Sometimes it’s nice to go back to basics and ask fundamental questions. Today, we’re going to take a look at “what elements influence the user experience of a website?” Understanding this can make it much easier to plan your UX research and ensure that you’re examining each element to some extent and that that element is working well for your users.
The 5 elements that we’ve selected that need to be examined in a UX context are:
So let’s take a look at each element and see why it matters…
Usefulness of the Website
This is, perhaps, the most fundamental question asked of each website by its users; “How is this useful to me?”
And the answer, of course, is relative to the individual. One of the reasons that we define our users before we develop a website is because we need to be able to show usefulness to an audience.
For example, you decide to develop a website about cars and their maintenance. To some people this will be fantastically useful. To me, as a lifetime non-driver, it has very little value and I’m not expecting to take up a career as a mechanic so it will probably remain fairly useless to me throughout my life.
By defining an audience clearly, the developer of the cars and maintenance site can safely ignore people like me when considering their user experience. It’s not that the idea is not useful. It’s simply not useful to me. My neighbour on the other hand seems to spend all day caring for his car when he’s not working… to him it may well be the most useful site he’s ever encountered.
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Adherence to Functionality
Or as we prefer to think of it; “Does it do what it says on the label?” People expect a website to work. That’s all adherence to functionality means – “does it work?”
Dead links, for example, are a case of broken functionality. Failure for a site to display properly on a particular screen or in a particular browser is a case of broken functionality. And so on…
It stands to reason that a user’s experience will be less than perfect if they find that your website is a buggy mess that doesn’t deliver on the promise of that site doesn’t it? This is what makes testing so important. Much of the “does it work” testing doesn’t require users – it just requires a methodical test plan that is executed on a regular basis.
However, because you’re not involving users in these tests – it doesn’t mean that the outputs won’t affect user experience. Keeping your site well-maintained is a vital step in delivering on people’s expectations of your site.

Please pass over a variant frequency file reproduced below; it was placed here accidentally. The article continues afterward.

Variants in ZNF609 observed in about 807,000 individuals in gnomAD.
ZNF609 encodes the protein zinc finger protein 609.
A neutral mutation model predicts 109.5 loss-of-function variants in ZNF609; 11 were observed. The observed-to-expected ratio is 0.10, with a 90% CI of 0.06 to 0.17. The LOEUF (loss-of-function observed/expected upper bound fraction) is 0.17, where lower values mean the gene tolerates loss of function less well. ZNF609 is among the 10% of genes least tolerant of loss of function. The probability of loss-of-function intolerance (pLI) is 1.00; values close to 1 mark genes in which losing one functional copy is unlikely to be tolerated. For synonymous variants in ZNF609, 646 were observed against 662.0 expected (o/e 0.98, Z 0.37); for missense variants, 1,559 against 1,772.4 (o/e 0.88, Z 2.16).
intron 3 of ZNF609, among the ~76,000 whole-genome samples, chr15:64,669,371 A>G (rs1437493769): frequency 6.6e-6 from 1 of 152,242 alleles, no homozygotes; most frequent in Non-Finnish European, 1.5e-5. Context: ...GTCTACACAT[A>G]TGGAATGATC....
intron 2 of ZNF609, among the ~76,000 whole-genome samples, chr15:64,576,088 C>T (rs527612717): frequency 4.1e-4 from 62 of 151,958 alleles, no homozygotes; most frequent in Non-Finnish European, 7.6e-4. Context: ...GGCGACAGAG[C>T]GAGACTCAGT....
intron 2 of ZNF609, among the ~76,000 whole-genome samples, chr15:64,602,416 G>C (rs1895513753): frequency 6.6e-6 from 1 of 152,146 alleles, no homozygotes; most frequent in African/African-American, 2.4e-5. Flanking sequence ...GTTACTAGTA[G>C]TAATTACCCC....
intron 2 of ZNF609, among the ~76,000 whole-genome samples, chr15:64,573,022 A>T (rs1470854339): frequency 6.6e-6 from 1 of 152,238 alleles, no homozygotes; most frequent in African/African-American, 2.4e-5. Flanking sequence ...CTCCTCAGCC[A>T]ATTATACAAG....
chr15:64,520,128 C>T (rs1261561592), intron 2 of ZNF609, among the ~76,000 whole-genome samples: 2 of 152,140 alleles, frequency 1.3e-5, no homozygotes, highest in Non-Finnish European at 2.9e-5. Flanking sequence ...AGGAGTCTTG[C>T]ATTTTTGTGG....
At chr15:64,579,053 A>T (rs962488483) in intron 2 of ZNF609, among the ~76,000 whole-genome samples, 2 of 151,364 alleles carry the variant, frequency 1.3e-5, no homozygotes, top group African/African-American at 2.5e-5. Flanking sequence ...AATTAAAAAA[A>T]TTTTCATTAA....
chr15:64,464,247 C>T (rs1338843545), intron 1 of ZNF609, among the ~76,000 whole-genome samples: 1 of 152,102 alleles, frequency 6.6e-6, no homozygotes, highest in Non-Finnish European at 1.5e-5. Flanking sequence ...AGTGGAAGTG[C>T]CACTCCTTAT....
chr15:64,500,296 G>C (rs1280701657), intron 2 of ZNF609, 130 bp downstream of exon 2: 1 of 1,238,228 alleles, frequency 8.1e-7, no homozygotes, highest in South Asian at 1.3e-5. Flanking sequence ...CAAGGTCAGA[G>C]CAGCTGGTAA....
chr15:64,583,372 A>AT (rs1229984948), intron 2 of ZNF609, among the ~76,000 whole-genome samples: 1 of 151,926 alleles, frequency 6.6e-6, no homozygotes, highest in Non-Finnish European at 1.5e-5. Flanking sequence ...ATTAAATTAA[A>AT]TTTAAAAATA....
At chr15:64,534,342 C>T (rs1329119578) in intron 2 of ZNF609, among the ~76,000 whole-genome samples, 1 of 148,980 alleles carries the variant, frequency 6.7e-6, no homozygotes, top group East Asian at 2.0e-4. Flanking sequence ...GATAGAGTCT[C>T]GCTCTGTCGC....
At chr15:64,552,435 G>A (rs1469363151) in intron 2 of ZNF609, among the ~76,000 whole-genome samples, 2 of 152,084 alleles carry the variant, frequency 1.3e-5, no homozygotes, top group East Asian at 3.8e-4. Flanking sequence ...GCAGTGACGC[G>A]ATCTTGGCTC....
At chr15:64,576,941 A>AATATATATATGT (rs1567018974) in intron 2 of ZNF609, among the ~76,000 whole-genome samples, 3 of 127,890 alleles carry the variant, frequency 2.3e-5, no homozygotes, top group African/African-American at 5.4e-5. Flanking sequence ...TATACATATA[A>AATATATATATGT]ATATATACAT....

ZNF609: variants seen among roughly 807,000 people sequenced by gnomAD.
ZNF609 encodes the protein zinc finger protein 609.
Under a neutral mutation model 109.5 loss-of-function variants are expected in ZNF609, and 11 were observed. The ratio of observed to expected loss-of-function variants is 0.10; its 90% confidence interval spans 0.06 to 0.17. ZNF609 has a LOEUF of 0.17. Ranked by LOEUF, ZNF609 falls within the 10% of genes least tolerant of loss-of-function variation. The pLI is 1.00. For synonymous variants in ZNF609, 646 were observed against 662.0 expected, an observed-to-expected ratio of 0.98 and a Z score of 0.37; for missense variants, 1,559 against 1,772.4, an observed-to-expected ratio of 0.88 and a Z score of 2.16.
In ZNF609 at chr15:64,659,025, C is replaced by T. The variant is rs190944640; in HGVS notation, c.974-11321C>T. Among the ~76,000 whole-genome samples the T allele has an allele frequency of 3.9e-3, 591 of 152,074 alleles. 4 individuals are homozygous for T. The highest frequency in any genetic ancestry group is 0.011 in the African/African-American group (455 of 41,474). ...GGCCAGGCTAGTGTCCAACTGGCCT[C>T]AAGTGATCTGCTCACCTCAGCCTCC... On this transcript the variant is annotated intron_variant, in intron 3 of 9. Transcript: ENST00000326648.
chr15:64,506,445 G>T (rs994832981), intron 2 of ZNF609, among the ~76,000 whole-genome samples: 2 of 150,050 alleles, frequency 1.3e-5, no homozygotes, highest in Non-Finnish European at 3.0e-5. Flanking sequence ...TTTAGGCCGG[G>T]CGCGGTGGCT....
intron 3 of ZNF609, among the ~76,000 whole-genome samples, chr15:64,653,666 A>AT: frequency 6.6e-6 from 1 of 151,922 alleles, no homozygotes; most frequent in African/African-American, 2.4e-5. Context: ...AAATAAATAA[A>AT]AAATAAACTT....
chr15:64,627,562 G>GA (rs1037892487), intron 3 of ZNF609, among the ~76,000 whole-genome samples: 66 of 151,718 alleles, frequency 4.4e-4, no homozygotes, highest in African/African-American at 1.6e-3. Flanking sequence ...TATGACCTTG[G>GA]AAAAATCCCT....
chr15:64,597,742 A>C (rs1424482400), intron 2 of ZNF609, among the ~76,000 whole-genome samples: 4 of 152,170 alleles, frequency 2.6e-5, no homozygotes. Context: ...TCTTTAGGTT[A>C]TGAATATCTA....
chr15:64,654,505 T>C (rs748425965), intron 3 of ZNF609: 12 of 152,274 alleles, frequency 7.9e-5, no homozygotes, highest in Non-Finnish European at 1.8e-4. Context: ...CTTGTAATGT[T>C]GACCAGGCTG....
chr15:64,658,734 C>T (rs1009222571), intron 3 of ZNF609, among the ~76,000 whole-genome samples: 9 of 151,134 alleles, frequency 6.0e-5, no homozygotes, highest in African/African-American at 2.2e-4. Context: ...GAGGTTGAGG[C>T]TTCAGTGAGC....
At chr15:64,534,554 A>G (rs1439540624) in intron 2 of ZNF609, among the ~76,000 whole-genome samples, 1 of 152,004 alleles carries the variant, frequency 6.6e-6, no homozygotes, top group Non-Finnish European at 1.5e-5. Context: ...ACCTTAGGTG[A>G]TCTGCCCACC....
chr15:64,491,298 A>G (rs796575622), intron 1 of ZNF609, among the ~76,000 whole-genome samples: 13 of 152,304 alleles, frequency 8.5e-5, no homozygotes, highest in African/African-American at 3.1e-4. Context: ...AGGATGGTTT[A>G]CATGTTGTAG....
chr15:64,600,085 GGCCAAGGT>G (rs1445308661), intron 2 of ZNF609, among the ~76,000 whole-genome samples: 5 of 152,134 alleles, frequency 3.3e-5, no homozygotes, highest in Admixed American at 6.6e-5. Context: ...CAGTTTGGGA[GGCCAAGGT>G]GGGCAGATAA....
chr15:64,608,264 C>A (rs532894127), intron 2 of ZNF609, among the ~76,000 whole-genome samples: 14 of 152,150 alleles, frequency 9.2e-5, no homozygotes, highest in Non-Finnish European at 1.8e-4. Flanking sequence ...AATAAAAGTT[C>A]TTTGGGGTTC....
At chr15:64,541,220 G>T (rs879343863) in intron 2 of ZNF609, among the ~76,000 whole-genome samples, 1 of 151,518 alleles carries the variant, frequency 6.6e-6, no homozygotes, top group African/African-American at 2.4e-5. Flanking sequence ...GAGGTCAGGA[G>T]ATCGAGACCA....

Some people tend to see usability as the whole of UX design (while others see UX design as solely UI design) but that’s not true. Usability is a part of UX design and an important part but it’s not the whole of the remit as we’ve already seen.
Usability is quite simply a measure of how simple it is for a user to learn the site (particularly for infrequent or brand new users) and how easy it is to use the site in the long-term (for regular visitors).
For example; you might find that a new website is available to do a financial health check on your business. It’s been brilliantly developed and every page and feature works as it should. However, it’s also confusing and complicated and there’s not enough information available to make the health check intuitive. This is a usability failure.
So is the example where you build a much simpler tool but after 3 steps in the process – it crashes and it’s impossible for the user to recover their data or go beyond that step.
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Most websites are designed to serve a commercial purpose. To sell products, services, subscriptions, etc.
A critical component of user experience is the ability to influence your users to do what you want them to do. The key metric of influence is usually the conversion rate.
Conversions may be many-staged and may differ from website to website. It may be that the critical component is to get someone’s e-mail address to join a list. It may be that you just want a visitor to buy a product. It may be that you want them to join a list and then buy a product.
Gaining influence in the user experience requires creating an environment of trust (no-one’s going to convert if they don’t trust you) and of persuasiveness in that environment (how you encourage people to convert matters).
You can deliver on usability, adherence to functionality, and usefulness and still fail the influencing test.
Different audiences react differently to different elements of design. I’ve always been a big supporter of advertising on information websites. It’s a fair deal, I get the info and the content provider is compensated. But recently, I installed an ad-blocker.
Why? Because one of my favourite sites decided to integrate auto-play video advertising on every page. I tend to open 10 pages at once and then read them in order. This led to 10 out of synch versions of the same video playing and it drove me mad.
Yet, there are plenty of people that don’t mind this kind of visual design. There are people who love pastel colours and people who hate them. There a people who don’t mind scrolling and people who will never scroll and so on…
Visual design plays a critical role in the user experience and once again, the users will know what they respond to and what they don’t respond to.
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By revisiting the elements that influence the user experience of a website; we can review our UX research plans and try to ensure that we cover as much useful ground as possible to deliver a better user experience.
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